“Zhamanak” is pessimistic about the outcome of Thursday’s meeting in Krakow, Poland of the Armenian and Azerbaijani foreign ministers. The paper says the only “rational expectation” from the talks is that they will help to maintain the current relative calm on the Armenian-Azerbaijani frontlines. This is what the U.S., Russian and French mediators are trying to achieve, it says. “On the other hand, the Russian foreign minister stated that the Karabakh conflict cannot be resolved with a single document and requires a phased approach. Azerbaijan welcomed that statement, while Armenia said [Sergei] Lavrov meant a phased implementation of a package settlement.”
“Aravot” comments on the criteria for the choice of Armenia’s next president which were laid out by President Serzh Sarkisian earlier this week. “Undoubtedly, the requirements listed by Serzh Sarkisian are important: speaking foreign languages, having a good reputation in Armenia and the Diaspora as well as international connections, being non-partisan and impartial,” editorializes the paper. “This is what the president probably meant when he spoke of [the next president’s] non-involvement in politics.” But, the paper says, the president’s “human qualities” are more important. The head of state must be an “extremely honest” and “wise” person who will not lose touch with ordinary people, it says.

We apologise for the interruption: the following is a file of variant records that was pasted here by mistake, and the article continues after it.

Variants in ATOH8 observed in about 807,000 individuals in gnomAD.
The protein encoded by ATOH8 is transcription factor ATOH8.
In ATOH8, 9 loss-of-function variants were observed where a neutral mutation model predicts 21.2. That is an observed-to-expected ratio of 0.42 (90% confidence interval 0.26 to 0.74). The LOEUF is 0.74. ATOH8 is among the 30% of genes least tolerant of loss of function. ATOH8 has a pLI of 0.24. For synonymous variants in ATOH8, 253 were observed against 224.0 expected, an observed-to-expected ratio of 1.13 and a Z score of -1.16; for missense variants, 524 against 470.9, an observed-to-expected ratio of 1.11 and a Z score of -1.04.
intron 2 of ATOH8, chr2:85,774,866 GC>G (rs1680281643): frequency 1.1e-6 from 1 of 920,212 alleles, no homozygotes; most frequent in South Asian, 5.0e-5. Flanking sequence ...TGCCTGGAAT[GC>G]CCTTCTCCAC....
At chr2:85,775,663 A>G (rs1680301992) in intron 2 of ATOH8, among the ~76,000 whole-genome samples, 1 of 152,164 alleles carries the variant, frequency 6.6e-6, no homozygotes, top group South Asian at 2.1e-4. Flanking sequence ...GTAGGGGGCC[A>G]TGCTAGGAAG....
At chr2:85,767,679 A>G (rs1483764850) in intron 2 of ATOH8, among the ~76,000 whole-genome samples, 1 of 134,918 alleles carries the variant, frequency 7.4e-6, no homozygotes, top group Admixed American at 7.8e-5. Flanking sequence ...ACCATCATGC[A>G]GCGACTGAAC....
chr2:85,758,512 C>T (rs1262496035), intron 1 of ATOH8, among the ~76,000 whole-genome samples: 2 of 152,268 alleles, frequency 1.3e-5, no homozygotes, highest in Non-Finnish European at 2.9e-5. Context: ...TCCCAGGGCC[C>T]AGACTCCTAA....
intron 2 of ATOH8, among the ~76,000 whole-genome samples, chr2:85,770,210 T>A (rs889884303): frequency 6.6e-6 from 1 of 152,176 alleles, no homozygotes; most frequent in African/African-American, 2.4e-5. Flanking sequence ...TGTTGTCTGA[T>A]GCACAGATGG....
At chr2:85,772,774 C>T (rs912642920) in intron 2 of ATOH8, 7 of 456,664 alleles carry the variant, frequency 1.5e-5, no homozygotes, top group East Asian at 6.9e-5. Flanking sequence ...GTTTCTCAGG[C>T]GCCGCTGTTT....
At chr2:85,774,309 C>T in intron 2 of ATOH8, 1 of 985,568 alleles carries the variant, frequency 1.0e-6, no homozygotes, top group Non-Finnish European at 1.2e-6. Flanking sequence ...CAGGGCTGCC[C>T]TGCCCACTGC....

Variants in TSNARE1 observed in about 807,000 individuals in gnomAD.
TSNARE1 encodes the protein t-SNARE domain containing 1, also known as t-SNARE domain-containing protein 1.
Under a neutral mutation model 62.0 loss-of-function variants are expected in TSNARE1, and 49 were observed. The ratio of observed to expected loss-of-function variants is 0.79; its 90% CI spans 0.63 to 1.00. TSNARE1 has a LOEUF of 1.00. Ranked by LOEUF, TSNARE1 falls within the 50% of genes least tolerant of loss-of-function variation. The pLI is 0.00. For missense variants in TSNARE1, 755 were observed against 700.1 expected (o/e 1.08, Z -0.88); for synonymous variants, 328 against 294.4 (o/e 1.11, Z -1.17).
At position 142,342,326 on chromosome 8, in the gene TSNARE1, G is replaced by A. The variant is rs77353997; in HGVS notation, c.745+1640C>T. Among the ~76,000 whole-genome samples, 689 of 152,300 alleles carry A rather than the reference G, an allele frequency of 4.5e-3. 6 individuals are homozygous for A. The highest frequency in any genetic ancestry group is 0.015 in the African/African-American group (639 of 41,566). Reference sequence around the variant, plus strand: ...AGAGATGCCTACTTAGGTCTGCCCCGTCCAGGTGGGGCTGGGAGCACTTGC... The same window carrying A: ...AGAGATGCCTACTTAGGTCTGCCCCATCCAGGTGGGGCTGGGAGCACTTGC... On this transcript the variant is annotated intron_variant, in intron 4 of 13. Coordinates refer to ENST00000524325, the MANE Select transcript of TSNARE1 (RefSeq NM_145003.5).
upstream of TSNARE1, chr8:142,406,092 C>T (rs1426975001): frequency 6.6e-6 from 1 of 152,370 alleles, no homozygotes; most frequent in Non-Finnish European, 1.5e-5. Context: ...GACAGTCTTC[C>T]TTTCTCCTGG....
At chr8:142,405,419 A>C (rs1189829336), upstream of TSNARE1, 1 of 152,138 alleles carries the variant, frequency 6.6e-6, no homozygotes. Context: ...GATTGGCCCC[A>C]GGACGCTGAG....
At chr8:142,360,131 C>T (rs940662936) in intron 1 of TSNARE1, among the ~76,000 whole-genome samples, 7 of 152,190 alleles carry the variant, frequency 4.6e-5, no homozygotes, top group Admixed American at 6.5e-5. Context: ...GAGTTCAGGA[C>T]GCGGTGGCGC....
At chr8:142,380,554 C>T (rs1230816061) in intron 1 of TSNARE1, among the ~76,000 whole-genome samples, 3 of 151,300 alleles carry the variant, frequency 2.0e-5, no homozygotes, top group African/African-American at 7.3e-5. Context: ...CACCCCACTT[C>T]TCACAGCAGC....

“Hraparak” writes on growing reports that the National Assembly will elect Armen Sarkissian, Armenia’s ambassador to Britain, as the next president of the republic. “He not only by and large meets the requirements listed by Serzh Sarkisian the other day but has many connections in the outside world and, according to some reports, has already started using those connections for his needs,” says the paper. “Only one thing hampers his nomination. Under Article 124 of the constitution, the president of the republic cannot engage in entrepreneurial activity. But every politically conscious person in Armenia knows that Armen Sarkissian is also a successful businessman. But getting around the law and electing a president in an unconstitutional way is not a new phenomenon for our country. They will do that again.”
“Zhoghovurd” says the authorities are now busy telling the people that their quality of life has improved and citing various statistical data and positive reports by foreign agencies for that purpose. “But somehow reality is not changing regardless of their statements,” the paper says. “Citizens are witnessing a very different picture in their day-to-day life.”